Non-Technical Survey

  • Version
    Ed. 1, Amendment 4
  • Latest amendment
    04 Feb 2019

This standard should be read in conjunction with IMAS 07.11 Land Release and 08.20 Technical Survey.

Non-technical survey is typically the starting point for the assessment of land, its categorisation as a suspected or confirmed hazardous area (SHA/CHA), and the associated processes of cancelling, reducing or clearing land for productive use. It involves a thorough investigation of new information about possible Explosive Ordnance (EO) contamination, or a previously recorded hazardous area, generally without the use of mine action assets inside the suspected area.

Non-technical survey is usually considerably less costly than technical survey and clearance, yet it can have the greatest impact, in terms of square metres, of all the activities associated with the definition and management of contaminated land.

The term non-technical survey encompasses all non-technical means, including desk assessments, analysis of historical records and a wide range of other information gathering and analysis functions, as well as physical visits to field locations. All elements of the non-technical process revolve around identifying, accessing, collecting, reporting and using information to help define where EO is to be found, as well as where it is not, and to support land cancellation, reduction and clearance decision making processes.

Resources for responding to EO contamination problems are costly, limited and precious. It is appropriate to expect that they will be used as efficiently as possible, within the graduated response described in IMAS 07.11. Expensive technical assets should not be deployed onto tasks unless there is sufficient evidence to justify their use, and the extent of the task has been defined as reliably and accurately as possible. Non-technical survey is the primary means for achieving that justification and for providing the evidence to support decisions to deploy technical assets.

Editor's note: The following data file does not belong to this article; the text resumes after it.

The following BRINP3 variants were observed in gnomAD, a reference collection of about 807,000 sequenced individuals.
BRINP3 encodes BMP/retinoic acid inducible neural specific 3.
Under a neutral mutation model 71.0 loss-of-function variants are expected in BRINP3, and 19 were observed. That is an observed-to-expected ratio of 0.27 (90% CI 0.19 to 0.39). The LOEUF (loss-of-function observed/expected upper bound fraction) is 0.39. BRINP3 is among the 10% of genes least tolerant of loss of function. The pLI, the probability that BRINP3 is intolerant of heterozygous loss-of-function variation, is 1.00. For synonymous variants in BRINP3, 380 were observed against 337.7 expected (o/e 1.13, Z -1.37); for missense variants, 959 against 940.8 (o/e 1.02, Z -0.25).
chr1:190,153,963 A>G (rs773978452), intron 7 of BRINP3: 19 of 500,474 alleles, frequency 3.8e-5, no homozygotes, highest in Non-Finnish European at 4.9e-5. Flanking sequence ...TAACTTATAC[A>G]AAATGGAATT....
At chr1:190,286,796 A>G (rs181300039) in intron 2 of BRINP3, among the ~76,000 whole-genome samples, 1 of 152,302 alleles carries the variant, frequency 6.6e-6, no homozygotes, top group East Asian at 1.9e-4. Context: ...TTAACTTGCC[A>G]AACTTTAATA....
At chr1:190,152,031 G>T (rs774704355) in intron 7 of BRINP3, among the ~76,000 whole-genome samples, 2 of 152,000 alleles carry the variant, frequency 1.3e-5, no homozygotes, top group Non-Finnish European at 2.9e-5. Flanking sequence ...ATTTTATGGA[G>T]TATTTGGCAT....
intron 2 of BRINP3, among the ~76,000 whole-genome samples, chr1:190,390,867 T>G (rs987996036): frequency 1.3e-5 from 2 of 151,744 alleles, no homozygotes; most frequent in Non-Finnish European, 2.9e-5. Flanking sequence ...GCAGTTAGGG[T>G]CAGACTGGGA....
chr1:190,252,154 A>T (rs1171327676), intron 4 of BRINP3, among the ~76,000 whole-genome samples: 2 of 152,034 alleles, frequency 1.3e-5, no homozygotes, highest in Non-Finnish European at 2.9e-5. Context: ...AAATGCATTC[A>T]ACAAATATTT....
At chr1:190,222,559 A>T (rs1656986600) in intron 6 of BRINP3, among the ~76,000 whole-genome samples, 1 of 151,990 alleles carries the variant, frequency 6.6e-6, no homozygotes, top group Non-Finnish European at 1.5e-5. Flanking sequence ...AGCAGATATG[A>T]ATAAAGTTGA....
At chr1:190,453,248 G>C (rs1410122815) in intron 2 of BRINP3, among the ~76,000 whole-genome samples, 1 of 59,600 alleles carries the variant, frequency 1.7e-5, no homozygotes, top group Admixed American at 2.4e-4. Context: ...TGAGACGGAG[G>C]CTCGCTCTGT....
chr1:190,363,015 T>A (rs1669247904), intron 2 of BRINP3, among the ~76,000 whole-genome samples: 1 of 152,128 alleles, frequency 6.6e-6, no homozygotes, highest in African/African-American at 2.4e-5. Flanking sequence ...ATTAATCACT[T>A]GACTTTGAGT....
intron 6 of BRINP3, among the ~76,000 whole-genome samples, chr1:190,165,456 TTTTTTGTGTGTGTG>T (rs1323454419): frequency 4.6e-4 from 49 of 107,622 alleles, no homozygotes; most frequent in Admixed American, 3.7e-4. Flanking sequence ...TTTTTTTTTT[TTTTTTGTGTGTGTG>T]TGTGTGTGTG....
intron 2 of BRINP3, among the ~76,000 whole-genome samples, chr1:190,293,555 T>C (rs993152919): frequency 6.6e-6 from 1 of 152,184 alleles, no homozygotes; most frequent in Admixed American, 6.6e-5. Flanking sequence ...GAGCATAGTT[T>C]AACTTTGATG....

At the same time, non-technical survey may yield enough evidence on its own to allow land to be cancelled, in line with the requirements to demonstrate that “all reasonable effort” has been applied. This standard provides guidance on the meaning of “all reasonable effort” in relation to non-technical survey.

Carrying out non-technical survey to the highest standards is of fundamental importance to the effectiveness and efficiency with which the remainder of the land release process is applied. Inefficient non-technical survey can lead to the creation of excessive suspected hazardous areas (SHAs), preventing productive use of land and creating an unnecessary demand for follow on technical action. Effective non-technical survey not only addresses immediate questions about the nature and extent of hazardous areas, but provides information to help all subsequent stages of the land release process be more efficient and reliable.

Showing that relevant information has been identified, accessed, collected and analysed, to support decision-making is critical to the concept of “all reasonable effort” and underpins the basic aim of any land release process to achieve confidence amongst all stakeholders, including land users.

Non-technical survey should not take place in isolation from subsequent activities within the land release process. Continual improvement of non-technical survey processes and procedures relies upon review of performance in light of what was subsequently discovered within hazardous areas, including details of what hazard items were or were not found during technical interventions, and the results of longer term monitoring of areas following release.


(translations are considered informal, please check edition number)

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